We've got trains.

Trains terrify my mom, owing to being in a car that got drilled by one when she was a kid. She's probably cringing watching this. Even today, when she sees - or hears - one approaching, she shivers. This guy, meanwhile, is a train fanatic. My parents' house is about a block-and-a-half to the left of the tracks in this video. We hear every train that comes through. For decades, the train was one part of an orchestra that included the cars rolling through town on Highway 14. Today the highway bypasses Janesville, slicing the daily traffic. But the trains still thunder by.



Same guy, different train. The poster, a train enthusiast who chases trains from town to town, like a posse on the heels of a Wild West gunman, put up this video of a welded rail train.



Speaking of trains, the Canadian Pacific Holiday train stopped in town. Santa sang a song. This wasn't exactly like seeing the Beatles on tour in 1965, but the band was definitely better than the one we had at homecoming in 9th grade. I'm trying to figure out where they held this. Any answers, Janesvillinians?



There's more to do in Janesville than just watch trains and kids have more options than simply re-creating Stand by Me by attempting to outrun the trains. You can also watch fires. A few years ago, the local volunteer fire department - whose members make some of the best burgers and onion rings in southern Minnesota, at the annual Hay Daze event - set the old stockyards building on fire in order to get some practice. The wind didn't cooperate completely and a house across the street had some of its siding melted.



And here's the most confusing Janesville video.



The description: 2009 Sexy Swimsuit Model Snowmobile Calendar. Zenwaiter visits the swimsuit snowmobile calendar shoot near Janesville Minnesota. Dani is a fabulous sexy girl swimsuit model, and this is the hottest snowmobile video clip I have ever made, all 20 seconds. I guess snowmobilers love sexy women! To contact Dani for modeling work, contact Travis at Double Xtreme Snowmobile Calendar in Janesville, Minn. Tell him Zenwaiter sent ya!

Here's the site for Double Extreme. According to the contact page, it is based out of Janesville. At least, that's where the P.O. box is located. I've never heard of it, but I'm also not a big snowmobile guy - so I'm not up to date on snowmobile calendars, hot or otherwise - and I also haven't lived in town for 15 years. I do wonder if this particular video was shot outside of Janesville. After some digging - in the interest of professionalism - I found some more pictures from the shoot. One caption says the pictures with the lovely - and talented - Dani were taken near Faribault, Minnesota, which is not really near Janesville. This video has more than 224,000 views. The stockyard burning video has a little over a thousand views. Babes trump blazes, when it comes to Janesville videos.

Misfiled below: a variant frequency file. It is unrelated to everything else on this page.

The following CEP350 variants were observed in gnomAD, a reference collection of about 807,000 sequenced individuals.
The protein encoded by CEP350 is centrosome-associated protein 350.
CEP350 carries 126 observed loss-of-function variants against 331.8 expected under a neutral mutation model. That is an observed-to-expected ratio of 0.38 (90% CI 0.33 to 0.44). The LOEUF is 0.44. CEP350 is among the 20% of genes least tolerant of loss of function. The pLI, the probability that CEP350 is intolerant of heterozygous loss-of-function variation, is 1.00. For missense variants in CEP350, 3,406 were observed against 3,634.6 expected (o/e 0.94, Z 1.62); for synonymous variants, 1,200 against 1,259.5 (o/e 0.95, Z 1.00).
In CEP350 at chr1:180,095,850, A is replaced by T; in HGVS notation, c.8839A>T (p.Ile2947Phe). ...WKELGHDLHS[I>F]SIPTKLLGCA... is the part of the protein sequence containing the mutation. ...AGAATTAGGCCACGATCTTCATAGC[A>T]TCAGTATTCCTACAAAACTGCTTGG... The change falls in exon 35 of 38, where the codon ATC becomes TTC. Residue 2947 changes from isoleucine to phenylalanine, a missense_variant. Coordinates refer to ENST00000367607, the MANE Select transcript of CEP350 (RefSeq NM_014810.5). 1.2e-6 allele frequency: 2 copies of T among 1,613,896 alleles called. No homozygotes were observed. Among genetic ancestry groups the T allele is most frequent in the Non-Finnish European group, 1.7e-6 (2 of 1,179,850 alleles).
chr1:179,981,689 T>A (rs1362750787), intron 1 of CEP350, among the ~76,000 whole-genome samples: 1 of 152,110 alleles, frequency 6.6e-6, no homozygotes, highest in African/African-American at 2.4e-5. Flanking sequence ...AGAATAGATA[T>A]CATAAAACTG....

Traveling train bands. Racy snowmobile photo shoots. It's like a hidden world inside the small world of everyday Janesville life. What else am I missing? What else has changed since I grew up in the town of 2,000 people? Are there pagan rituals every Saturday night?

I went to YouTube seeking some insight into Janesville. But now all I have is more questions. Still, this does help explain my dad's sudden interest in snowmobile calendars.

Tuesday, September 7, 2010

Finding God in a Jersey taxi

"Shawn, is there some powerful event in your life you always wanted to see, but never did, and now you no longer have the chance to see it? It's gone forever? Anything like that?"

This morning - 4:30 in the morning, to be exact - I again rode in the backseat of the driver I get once a month, a devout Jehovah Witness who has told me half a dozen times that the answers I'm seeking are available in some literature he has with him. Do I want to take a look?

He's persistent, with the voice of a seasoned hypnotist. He sounds like someone you'd find behind a radio mic on an overnight talk show, not behind a wheel. After taking his literature the first time - in an attempt to escape the car - I've declined every other time. I never agree or disagree with him, offering up only an occasional mumble or, "Yeah, that's something." A month ago he veered from asking about the egg sandwich I bought at a local diner into talk about the Garden of Eden and the evils of processed food and how that all relates to the soul and our hunger to be filled with God's word. It was like being driven around by a born again Morgan Spurlock. In the end, it always comes down to the end: End Times. This is it. We're in the middle of it. And am I ready? Perfect conversation for 4:30 in the morning.

Today we rode in silence for five minutes. Finally, as we approached the George Washington Bridge, he asked the question about the hypothetical powerful event I wish I had seen.

I thought about it. While also thinking about what he'd want to hear, something that could allow him to launch into his sales pitch.

The space shuttle. I always thought it'd be cool to watch a space shuttle launch. Plus, I thought this would give him a decent opening, what with the inevitable talk about the heavens. It was a perfect setup, a great assist. I was part John Stockton, part heathen.

"Interesting," he replied. "Such power. Imagine that power, the raw power of watching that, the fire and the rockets, sending it into space. It must be an awesome experience."

Imagine.

"And now imagine that every day in your life, the power of Jesus Christ can come over you, wave after wave, just like watching that shuttle launch."